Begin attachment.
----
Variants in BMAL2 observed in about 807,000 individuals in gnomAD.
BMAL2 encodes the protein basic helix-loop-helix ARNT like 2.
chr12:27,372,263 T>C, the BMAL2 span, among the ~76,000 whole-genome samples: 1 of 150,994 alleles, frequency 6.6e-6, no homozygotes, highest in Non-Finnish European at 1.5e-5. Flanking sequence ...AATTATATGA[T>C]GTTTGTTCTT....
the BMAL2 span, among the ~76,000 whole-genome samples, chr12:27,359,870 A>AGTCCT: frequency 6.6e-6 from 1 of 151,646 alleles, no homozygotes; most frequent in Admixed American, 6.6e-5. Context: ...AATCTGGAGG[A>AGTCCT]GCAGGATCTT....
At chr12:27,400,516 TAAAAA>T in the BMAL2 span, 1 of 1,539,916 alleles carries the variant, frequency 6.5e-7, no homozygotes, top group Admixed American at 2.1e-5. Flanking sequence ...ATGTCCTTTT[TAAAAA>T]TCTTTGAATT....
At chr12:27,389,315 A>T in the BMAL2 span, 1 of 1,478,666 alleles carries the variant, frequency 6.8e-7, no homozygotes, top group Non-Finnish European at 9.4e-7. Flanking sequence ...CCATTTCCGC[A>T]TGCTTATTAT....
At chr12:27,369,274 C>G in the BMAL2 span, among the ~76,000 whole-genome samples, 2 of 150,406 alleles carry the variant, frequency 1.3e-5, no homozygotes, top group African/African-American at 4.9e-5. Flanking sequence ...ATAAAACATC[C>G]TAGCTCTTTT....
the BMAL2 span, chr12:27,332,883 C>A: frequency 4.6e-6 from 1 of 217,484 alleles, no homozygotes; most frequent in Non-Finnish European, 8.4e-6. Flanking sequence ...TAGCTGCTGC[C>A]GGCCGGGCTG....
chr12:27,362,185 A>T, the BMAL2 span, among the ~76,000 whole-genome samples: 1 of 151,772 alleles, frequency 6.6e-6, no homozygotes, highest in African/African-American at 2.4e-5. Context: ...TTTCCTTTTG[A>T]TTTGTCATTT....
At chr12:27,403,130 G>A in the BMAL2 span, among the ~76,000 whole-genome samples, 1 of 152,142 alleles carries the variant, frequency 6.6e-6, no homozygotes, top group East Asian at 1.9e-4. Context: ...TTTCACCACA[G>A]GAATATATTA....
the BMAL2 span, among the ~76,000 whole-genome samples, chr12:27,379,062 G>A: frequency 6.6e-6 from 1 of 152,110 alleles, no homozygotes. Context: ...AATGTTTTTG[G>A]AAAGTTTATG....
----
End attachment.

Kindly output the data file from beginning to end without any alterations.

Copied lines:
Variants in BMAL2 observed in about 807,000 individuals in gnomAD.
BMAL2 encodes the protein basic helix-loop-helix ARNT like 2.
chr12:27,372,263 T>C, the BMAL2 span, among the ~76,000 whole-genome samples: 1 of 150,994 alleles, frequency 6.6e-6, no homozygotes, highest in Non-Finnish European at 1.5e-5. Flanking sequence ...AATTATATGA[T>C]GTTTGTTCTT....
the BMAL2 span, among the ~76,000 whole-genome samples, chr12:27,359,870 A>AGTCCT: frequency 6.6e-6 from 1 of 151,646 alleles, no homozygotes; most frequent in Admixed American, 6.6e-5. Context: ...AATCTGGAGG[A>AGTCCT]GCAGGATCTT....
At chr12:27,400,516 TAAAAA>T in the BMAL2 span, 1 of 1,539,916 alleles carries the variant, frequency 6.5e-7, no homozygotes, top group Admixed American at 2.1e-5. Flanking sequence ...ATGTCCTTTT[TAAAAA>T]TCTTTGAATT....
At chr12:27,389,315 A>T in the BMAL2 span, 1 of 1,478,666 alleles carries the variant, frequency 6.8e-7, no homozygotes, top group Non-Finnish European at 9.4e-7. Flanking sequence ...CCATTTCCGC[A>T]TGCTTATTAT....
At chr12:27,369,274 C>G in the BMAL2 span, among the ~76,000 whole-genome samples, 2 of 150,406 alleles carry the variant, frequency 1.3e-5, no homozygotes, top group African/African-American at 4.9e-5. Flanking sequence ...ATAAAACATC[C>G]TAGCTCTTTT....
the BMAL2 span, chr12:27,332,883 C>A: frequency 4.6e-6 from 1 of 217,484 alleles, no homozygotes; most frequent in Non-Finnish European, 8.4e-6. Flanking sequence ...TAGCTGCTGC[C>A]GGCCGGGCTG....
chr12:27,362,185 A>T, the BMAL2 span, among the ~76,000 whole-genome samples: 1 of 151,772 alleles, frequency 6.6e-6, no homozygotes, highest in African/African-American at 2.4e-5. Context: ...TTTCCTTTTG[A>T]TTTGTCATTT....
At chr12:27,403,130 G>A in the BMAL2 span, among the ~76,000 whole-genome samples, 1 of 152,142 alleles carries the variant, frequency 6.6e-6, no homozygotes, top group East Asian at 1.9e-4. Context: ...TTTCACCACA[G>A]GAATATATTA....
the BMAL2 span, among the ~76,000 whole-genome samples, chr12:27,379,062 G>A: frequency 6.6e-6 from 1 of 152,110 alleles, no homozygotes. Context: ...AATGTTTTTG[G>A]AAAGTTTATG....